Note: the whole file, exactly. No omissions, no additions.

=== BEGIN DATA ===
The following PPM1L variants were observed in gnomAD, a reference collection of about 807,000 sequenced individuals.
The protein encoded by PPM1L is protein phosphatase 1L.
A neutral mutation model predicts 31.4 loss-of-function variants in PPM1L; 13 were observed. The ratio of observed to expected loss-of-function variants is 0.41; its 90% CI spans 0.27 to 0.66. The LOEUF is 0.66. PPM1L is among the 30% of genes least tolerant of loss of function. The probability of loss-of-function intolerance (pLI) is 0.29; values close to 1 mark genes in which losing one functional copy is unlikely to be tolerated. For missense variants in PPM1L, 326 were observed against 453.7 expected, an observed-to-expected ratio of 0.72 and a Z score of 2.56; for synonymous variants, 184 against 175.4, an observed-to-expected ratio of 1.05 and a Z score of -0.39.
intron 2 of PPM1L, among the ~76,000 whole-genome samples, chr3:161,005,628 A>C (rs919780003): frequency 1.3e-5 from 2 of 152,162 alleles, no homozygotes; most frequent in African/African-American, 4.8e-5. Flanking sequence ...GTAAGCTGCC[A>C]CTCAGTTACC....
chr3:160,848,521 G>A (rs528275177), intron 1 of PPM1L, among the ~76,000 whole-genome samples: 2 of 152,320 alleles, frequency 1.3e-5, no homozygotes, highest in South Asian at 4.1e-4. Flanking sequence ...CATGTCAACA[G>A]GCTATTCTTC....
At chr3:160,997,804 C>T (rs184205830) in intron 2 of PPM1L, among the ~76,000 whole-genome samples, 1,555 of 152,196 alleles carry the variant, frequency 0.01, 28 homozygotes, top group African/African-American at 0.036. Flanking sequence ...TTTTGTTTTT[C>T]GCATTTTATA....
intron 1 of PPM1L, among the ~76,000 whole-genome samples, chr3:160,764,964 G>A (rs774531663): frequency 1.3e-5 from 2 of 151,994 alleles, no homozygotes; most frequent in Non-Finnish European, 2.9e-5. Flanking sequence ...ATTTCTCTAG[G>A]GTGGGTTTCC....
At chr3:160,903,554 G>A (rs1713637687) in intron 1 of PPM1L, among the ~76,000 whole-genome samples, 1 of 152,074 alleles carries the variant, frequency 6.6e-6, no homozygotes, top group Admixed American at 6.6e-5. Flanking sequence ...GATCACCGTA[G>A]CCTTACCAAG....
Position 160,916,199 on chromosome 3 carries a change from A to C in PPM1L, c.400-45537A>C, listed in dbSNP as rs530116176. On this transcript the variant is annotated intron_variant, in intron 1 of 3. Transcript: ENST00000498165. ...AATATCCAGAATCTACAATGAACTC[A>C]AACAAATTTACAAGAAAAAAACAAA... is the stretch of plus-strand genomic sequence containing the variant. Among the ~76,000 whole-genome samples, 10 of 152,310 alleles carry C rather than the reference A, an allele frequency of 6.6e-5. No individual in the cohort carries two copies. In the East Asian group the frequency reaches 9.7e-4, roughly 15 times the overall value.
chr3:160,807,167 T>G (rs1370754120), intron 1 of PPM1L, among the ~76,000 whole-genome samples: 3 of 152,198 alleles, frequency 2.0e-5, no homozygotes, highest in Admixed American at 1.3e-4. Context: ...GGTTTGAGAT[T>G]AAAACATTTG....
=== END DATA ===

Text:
The following PPM1L variants were observed in gnomAD, a reference collection of about 807,000 sequenced individuals.
The protein encoded by PPM1L is protein phosphatase 1L.
A neutral mutation model predicts 31.4 loss-of-function variants in PPM1L; 13 were observed. The ratio of observed to expected loss-of-function variants is 0.41; its 90% CI spans 0.27 to 0.66. The LOEUF is 0.66. PPM1L is among the 30% of genes least tolerant of loss of function. The probability of loss-of-function intolerance (pLI) is 0.29; values close to 1 mark genes in which losing one functional copy is unlikely to be tolerated. For missense variants in PPM1L, 326 were observed against 453.7 expected, an observed-to-expected ratio of 0.72 and a Z score of 2.56; for synonymous variants, 184 against 175.4, an observed-to-expected ratio of 1.05 and a Z score of -0.39.
intron 2 of PPM1L, among the ~76,000 whole-genome samples, chr3:161,005,628 A>C (rs919780003): frequency 1.3e-5 from 2 of 152,162 alleles, no homozygotes; most frequent in African/African-American, 4.8e-5. Flanking sequence ...GTAAGCTGCC[A>C]CTCAGTTACC....
chr3:160,848,521 G>A (rs528275177), intron 1 of PPM1L, among the ~76,000 whole-genome samples: 2 of 152,320 alleles, frequency 1.3e-5, no homozygotes, highest in South Asian at 4.1e-4. Flanking sequence ...CATGTCAACA[G>A]GCTATTCTTC....
At chr3:160,997,804 C>T (rs184205830) in intron 2 of PPM1L, among the ~76,000 whole-genome samples, 1,555 of 152,196 alleles carry the variant, frequency 0.01, 28 homozygotes, top group African/African-American at 0.036. Flanking sequence ...TTTTGTTTTT[C>T]GCATTTTATA....
intron 1 of PPM1L, among the ~76,000 whole-genome samples, chr3:160,764,964 G>A (rs774531663): frequency 1.3e-5 from 2 of 151,994 alleles, no homozygotes; most frequent in Non-Finnish European, 2.9e-5. Flanking sequence ...ATTTCTCTAG[G>A]GTGGGTTTCC....
At chr3:160,903,554 G>A (rs1713637687) in intron 1 of PPM1L, among the ~76,000 whole-genome samples, 1 of 152,074 alleles carries the variant, frequency 6.6e-6, no homozygotes, top group Admixed American at 6.6e-5. Flanking sequence ...GATCACCGTA[G>A]CCTTACCAAG....
Position 160,916,199 on chromosome 3 carries a change from A to C in PPM1L, c.400-45537A>C, listed in dbSNP as rs530116176. On this transcript the variant is annotated intron_variant, in intron 1 of 3. Transcript: ENST00000498165. ...AATATCCAGAATCTACAATGAACTC[A>C]AACAAATTTACAAGAAAAAAACAAA... is the stretch of plus-strand genomic sequence containing the variant. Among the ~76,000 whole-genome samples, 10 of 152,310 alleles carry C rather than the reference A, an allele frequency of 6.6e-5. No individual in the cohort carries two copies. In the East Asian group the frequency reaches 9.7e-4, roughly 15 times the overall value.
chr3:160,807,167 T>G (rs1370754120), intron 1 of PPM1L, among the ~76,000 whole-genome samples: 3 of 152,198 alleles, frequency 2.0e-5, no homozygotes, highest in Admixed American at 1.3e-4. Context: ...GGTTTGAGAT[T>G]AAAACATTTG....